I am a criminal… Or at least I am for the next two hours. After that point, I will help my ten-year old grapple with spelling the word “Mississippi”, try to convince the six-year old to stop eating the toilet paper (don’t ask) and then attempt to transform whatever is lurking in the hinterlands of the refrigerator into something edible for dinner. Soon, my wife and I will be stressing the importance of eating your carrots while reminding the six-year old that potty words are not okay at the dinner table…even if they are
words the kid has learned while watching daddy fix the leaky toilet.
I realize this is not the stereotypical routine of a hardened felon, but then again, my offense isn’t typical. I’m not raping, pillaging or plundering. I’m riding my mountain bike. On singletrack. And when I’m visiting family in this chunk of California that means I’m breaking the law. Mountain biking on almost anything other than a fireroad is usually a crime around here. Sure, it’s not a go-to-jail-and-get-a–spider web-tattoo-on-your-neck
kind of crime, there’s no need to be melodramatic here, but if the rangers that I’m watching out for catch me, I’m definitely in store for a ticket and a sizeable fine.
So today, I am a criminal. As are the handful of dentists, construction workers and other taxpaying Joe Blows I saw out there riding the trails. And I have to tell you, that truly pisses me off. Because riding your bike on singletrack and enjoying nature isn’t actually a crime. To make matters worse, this trail is really good; it wends its way up a ridgeline and then dips and rolls through a small forest of oaks. And it goes on for miles. And miles. There is so much potential here… And I’m just realizing it now. That hurts.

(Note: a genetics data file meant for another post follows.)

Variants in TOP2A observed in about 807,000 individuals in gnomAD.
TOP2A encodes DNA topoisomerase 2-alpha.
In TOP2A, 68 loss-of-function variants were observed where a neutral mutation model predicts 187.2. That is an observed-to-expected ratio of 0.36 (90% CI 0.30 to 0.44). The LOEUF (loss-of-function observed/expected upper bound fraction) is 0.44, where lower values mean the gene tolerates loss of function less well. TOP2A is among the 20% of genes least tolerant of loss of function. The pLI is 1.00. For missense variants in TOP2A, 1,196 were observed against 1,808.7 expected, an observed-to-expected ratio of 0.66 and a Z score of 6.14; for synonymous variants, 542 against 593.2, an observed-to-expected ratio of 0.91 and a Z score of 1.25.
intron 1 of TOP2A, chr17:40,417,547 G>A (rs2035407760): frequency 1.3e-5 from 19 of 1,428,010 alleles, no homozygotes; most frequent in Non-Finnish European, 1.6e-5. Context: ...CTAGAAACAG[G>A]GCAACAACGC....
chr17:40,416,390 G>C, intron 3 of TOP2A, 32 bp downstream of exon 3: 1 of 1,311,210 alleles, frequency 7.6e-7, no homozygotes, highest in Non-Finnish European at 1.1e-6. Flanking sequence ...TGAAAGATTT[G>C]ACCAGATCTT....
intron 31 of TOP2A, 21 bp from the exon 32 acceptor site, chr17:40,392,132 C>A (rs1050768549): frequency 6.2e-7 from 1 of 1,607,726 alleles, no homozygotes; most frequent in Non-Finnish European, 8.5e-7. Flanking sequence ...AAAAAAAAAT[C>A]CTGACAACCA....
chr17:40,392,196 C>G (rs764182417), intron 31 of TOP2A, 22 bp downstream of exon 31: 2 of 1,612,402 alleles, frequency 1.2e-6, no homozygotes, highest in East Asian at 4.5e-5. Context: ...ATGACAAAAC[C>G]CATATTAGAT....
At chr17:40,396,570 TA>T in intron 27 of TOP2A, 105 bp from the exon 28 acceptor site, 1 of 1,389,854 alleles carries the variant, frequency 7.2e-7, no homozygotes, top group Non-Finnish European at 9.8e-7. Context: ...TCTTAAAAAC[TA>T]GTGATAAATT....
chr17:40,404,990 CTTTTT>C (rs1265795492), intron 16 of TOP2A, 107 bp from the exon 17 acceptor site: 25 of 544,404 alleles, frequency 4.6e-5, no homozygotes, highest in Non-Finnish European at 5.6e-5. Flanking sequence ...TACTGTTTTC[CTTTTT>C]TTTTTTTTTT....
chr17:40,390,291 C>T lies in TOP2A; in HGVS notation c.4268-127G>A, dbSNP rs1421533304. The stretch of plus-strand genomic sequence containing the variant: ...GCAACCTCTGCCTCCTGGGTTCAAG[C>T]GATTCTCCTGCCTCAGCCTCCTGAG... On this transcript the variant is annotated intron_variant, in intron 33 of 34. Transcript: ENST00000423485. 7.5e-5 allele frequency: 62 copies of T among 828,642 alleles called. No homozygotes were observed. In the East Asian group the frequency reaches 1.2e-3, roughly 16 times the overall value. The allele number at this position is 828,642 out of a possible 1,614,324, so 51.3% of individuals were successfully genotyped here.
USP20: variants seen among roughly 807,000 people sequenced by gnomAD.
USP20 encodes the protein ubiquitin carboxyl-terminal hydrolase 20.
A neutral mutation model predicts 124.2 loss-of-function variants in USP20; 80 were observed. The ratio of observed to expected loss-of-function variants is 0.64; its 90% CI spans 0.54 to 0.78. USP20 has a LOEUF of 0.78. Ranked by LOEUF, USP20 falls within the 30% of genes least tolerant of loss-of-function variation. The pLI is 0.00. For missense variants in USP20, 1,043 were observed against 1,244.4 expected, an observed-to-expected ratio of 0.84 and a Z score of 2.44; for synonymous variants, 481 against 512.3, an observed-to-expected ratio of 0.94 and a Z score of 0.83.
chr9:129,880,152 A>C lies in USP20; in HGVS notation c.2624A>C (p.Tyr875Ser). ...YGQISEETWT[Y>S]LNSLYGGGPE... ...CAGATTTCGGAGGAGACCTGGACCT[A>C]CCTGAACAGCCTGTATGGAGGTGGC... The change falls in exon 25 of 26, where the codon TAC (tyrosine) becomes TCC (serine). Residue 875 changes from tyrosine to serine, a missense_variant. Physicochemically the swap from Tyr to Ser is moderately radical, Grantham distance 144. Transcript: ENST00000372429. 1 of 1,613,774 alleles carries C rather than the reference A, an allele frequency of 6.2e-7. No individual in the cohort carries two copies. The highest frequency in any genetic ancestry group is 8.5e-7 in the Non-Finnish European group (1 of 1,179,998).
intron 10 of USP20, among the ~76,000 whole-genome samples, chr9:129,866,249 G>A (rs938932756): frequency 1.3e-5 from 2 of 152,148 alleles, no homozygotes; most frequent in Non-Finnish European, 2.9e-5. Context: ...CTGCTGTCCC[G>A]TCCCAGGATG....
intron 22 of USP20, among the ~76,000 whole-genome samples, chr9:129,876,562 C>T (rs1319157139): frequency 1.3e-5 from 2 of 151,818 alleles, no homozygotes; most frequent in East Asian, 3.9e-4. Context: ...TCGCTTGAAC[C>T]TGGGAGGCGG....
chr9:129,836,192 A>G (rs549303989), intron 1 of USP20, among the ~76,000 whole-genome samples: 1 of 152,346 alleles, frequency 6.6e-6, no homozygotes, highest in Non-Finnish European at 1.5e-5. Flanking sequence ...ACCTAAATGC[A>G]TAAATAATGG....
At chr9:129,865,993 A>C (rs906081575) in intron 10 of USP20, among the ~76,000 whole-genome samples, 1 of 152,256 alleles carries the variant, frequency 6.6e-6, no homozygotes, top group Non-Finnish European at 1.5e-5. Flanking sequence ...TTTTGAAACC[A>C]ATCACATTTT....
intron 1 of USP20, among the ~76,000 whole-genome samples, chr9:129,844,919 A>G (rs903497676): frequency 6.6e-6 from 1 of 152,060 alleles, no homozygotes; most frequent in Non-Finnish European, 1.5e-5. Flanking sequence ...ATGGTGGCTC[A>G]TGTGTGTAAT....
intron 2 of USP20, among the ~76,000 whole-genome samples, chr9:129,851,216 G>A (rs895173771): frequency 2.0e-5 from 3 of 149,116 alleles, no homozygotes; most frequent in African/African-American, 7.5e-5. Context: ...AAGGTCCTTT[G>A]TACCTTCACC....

For 30 years, I’ve toed the line and refrained from breaking the law by riding in this spot. I never wanted to be that guy—that a*shole—who gets caught poaching trails and who proves the stereotype that we mountain bikers are irresponsible, thrill-seeking miscreants. Instead, every time my brothers and I have gone for a ride, we’ve packed our bikes up and driven a minimum of 40 minutes to one of the few mountain bike-friendly parks in the area. Driving an hour or more to ride trail when you live less than 20 pedal strokes from miles and miles of trail, that crisscross the hills in every direction, is a bitter thing. I feel like a fool.
Of course, I’m not just coming to this realization today. Since I turned 14, I’ve known that I and other mountain bikers around here were being served a shit sandwich, light on the bread… but when you’re a kid, you encounter all manner of baffling crap in this world and you think, “Well, when I grow up, I’m sure someone will fix this mess.”
Waiting for other people to resolve your problems, however, is rarely a winning strategy. You want something sorted? You better sort it out yourself.
This evening, I saddle up and sample the forbidden fruit. Along the way, I run into two guys racing down the ridge as the sun begins to set. I pass another guy climbing out of the valley a few minutes later. If mountain biking these trails is supposed to be a secret around here, it’s a particularly poorly-kept secret. There are tire tracks everywhere. Clearly, there are plenty of riders who’ve essentially decided to flip the bird at the regulation book. I haven’t lived around here for years, so I start asking questions, “Are any of these trails bike legal now?”, “Are they changing the policies around here?”, “Do you guys still get tickets for riding here?”
They shrug and look uncomfortable. Yeah, you can still get slapped with a fine, but you know, it’s kind of a “don’t ask, don’t tell” thing. You watch your speed. You keep an eye out for rangers. You ride at dusk or at night when the hikers have gone home….